Monday, February 15, 2021

Malaysian academics among the top in ‘fraudulent’ publications found in global database

The revelation calls into question not only Malaysia's quality of research but also the credibility of global university rankings.

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Malaysian academics form a large chunk of those whose works were published in more than 300 “fraudulent journals” found in a respectable global citation database used to gauge tertiary institutions worldwide in annual rankings.

Fraudulent journals, also known as “predatory journals”, are publications lacking in research quality and with questionable content, which are often liberal in accepting articles without scrutiny, and in most cases, for a fee.

A total of 324 such journals published from across the world have been found to have infiltrated Scopus, a Netherlands-based global citation database made up of more than 30,000 journals covering life sciences, social sciences, physical sciences and health sciences.

The revelation, besides renewing a debate on the quality of research work by Malaysian universities, could also call into question the annual global rankings of universities.

At least two major organisations, Times Higher Education and QS, rely heavily on data from Scopus in publishing their annual rankings of universities worldwide. With more citations of its academics’ works in Scopus, a university stands a greater chance of boosting its global rankings.

The revelation is based on the work of two economists from the Czech Republic, Vit Machacek and Martin Srholec, who provided a country analysis of authors in questionable journals found in Scopus covering the period between 2015 and 2017.

While many of these authors come from countries with large populations such as India, Indonesia, the Philippines and Egypt, Malaysia’s listing among the top countries of origin may reflect badly on the quality of local academic work.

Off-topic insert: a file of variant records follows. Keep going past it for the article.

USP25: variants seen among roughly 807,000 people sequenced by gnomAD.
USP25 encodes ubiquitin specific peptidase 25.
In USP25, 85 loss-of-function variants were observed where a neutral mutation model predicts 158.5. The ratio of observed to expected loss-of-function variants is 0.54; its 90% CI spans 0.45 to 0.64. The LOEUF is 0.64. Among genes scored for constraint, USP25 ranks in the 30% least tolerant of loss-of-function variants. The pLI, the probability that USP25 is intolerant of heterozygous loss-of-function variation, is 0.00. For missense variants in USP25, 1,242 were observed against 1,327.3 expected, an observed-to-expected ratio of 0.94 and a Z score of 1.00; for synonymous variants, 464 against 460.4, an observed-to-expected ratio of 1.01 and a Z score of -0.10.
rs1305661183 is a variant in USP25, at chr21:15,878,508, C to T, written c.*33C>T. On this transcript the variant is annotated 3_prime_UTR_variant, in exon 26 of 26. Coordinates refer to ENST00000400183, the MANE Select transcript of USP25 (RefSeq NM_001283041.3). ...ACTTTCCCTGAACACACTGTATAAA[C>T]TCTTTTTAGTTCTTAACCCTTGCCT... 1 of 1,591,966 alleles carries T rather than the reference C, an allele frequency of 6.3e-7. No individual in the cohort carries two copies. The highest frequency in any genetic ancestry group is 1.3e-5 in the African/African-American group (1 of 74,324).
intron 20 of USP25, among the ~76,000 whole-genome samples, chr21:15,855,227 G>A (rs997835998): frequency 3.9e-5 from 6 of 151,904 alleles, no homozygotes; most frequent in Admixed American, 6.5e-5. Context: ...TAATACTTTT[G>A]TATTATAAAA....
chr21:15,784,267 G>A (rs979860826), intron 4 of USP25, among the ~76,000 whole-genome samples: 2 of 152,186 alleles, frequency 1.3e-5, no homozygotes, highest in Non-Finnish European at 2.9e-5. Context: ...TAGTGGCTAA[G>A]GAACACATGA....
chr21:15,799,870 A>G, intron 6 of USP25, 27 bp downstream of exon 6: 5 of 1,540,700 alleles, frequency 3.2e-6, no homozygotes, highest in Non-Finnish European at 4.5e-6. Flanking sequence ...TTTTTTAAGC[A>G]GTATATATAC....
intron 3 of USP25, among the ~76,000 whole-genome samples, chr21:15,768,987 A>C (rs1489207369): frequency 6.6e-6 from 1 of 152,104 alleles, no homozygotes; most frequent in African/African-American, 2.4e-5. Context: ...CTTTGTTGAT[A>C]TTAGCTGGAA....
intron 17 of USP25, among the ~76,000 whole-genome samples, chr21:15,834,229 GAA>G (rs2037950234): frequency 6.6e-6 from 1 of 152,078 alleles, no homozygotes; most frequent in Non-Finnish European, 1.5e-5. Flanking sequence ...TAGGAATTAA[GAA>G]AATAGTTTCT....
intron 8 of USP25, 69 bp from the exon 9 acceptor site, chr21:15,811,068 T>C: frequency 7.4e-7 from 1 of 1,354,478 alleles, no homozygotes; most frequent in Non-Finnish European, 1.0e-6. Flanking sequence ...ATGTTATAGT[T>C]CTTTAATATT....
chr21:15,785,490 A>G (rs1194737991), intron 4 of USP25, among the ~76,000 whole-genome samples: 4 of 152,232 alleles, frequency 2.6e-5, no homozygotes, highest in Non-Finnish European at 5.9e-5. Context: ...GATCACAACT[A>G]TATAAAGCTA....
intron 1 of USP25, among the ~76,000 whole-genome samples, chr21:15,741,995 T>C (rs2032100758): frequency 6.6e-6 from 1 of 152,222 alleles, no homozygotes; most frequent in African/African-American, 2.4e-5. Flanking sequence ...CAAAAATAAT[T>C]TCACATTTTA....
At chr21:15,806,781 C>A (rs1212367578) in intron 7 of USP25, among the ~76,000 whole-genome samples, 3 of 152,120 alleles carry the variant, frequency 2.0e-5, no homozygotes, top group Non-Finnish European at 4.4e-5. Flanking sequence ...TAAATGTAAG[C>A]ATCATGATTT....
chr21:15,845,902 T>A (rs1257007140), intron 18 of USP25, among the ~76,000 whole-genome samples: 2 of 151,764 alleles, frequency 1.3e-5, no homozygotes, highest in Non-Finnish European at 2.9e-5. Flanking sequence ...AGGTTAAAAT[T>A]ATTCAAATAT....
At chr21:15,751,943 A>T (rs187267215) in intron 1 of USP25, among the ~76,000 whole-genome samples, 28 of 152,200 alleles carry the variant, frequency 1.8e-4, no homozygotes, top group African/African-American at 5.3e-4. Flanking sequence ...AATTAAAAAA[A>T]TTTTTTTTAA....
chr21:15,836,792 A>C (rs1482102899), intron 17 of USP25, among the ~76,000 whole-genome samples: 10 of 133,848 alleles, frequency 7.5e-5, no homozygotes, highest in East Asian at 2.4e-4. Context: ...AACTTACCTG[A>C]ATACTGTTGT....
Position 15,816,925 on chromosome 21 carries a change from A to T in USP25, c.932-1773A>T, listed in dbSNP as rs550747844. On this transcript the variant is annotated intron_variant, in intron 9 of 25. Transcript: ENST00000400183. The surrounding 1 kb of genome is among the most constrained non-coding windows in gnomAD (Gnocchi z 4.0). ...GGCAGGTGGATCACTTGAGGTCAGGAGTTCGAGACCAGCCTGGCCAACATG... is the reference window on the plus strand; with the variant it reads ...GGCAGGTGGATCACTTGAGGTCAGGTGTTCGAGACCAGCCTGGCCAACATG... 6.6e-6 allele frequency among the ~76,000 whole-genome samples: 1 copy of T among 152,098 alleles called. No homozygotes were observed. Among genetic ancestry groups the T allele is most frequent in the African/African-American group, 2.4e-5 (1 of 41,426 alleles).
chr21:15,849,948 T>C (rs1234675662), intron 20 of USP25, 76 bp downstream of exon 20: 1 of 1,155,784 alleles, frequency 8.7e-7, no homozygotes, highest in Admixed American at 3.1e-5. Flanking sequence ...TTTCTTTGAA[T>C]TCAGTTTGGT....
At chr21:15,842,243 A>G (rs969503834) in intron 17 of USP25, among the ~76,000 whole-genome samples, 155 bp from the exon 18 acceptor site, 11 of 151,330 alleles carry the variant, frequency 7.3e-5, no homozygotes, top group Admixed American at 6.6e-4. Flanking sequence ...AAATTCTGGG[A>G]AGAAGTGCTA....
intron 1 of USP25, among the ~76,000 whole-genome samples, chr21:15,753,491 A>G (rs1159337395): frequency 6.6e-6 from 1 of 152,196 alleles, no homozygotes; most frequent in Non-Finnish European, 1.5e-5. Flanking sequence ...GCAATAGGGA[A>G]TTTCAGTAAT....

Among Scopus’ criteria for academic journals indexed in its database is the quality of their editorial board members as well as consistency in publication.

By 2014, it was said that there were more Malaysian academic articles indexed by Scopus – some 47,000 – than from Thailand and Singapore.

Machacek and Srholec’s study ranks Malaysia fifth among 20 countries considered as the biggest offenders in terms of predatory journals.

At the top of the list is Kazakhstan with 17% of such articles, followed by Indonesia (16.7%), Iraq (13%), Albania (12%) and Malaysia (11.6%).

Malaysia also appears in the top 20 lists for fraudulent work in three fields: health sciences, physical sciences, and social sciences, occupying the second place in the latter two.

Machacek and Srholec’s study ranks Malaysia fifth among 20 countries considered as the biggest offenders in terms of predatory journals.

“In these countries, predatory publication practices have apparently become a systemic problem at the national level, not limited to particular clusters,” Machacek and Srholec said about their findings.

The findings are likely to highlight a long debated issue on academic fraud in Malaysian universities.

MalaysiaNow understands that this time, some within the academic community have been unsettled by the possibility that many of the questionable research works published in these predatory journals were financed by public funds through research grants from the government.

The government recognises five universities as research-based: Universiti Sains Malaysia, Universiti Malaya, Universiti Kebangsaan Malaysia, Universiti Putra Malaysia and Universiti Teknologi Malaysia.

Successive governments have allocated hundreds of millions of ringgit to these universities in research and development grants.

The latest revelations might lend credence to critics’ argument that Scopus – and world university rankings – should not be the benchmark for institutions to measure their research.

“But with the obsession for better world rankings, many universities in Malaysia are left with little choice but to make Scopus a key indicator,” a senior academic leading a local public university told MalaysiaNow.

[Editor’s note: There was a mistake in the earlier version of this report. We have made a minor amendment to show that the reference is to Malaysians whose works are published in predatory journals, and not to Malaysian journals.]


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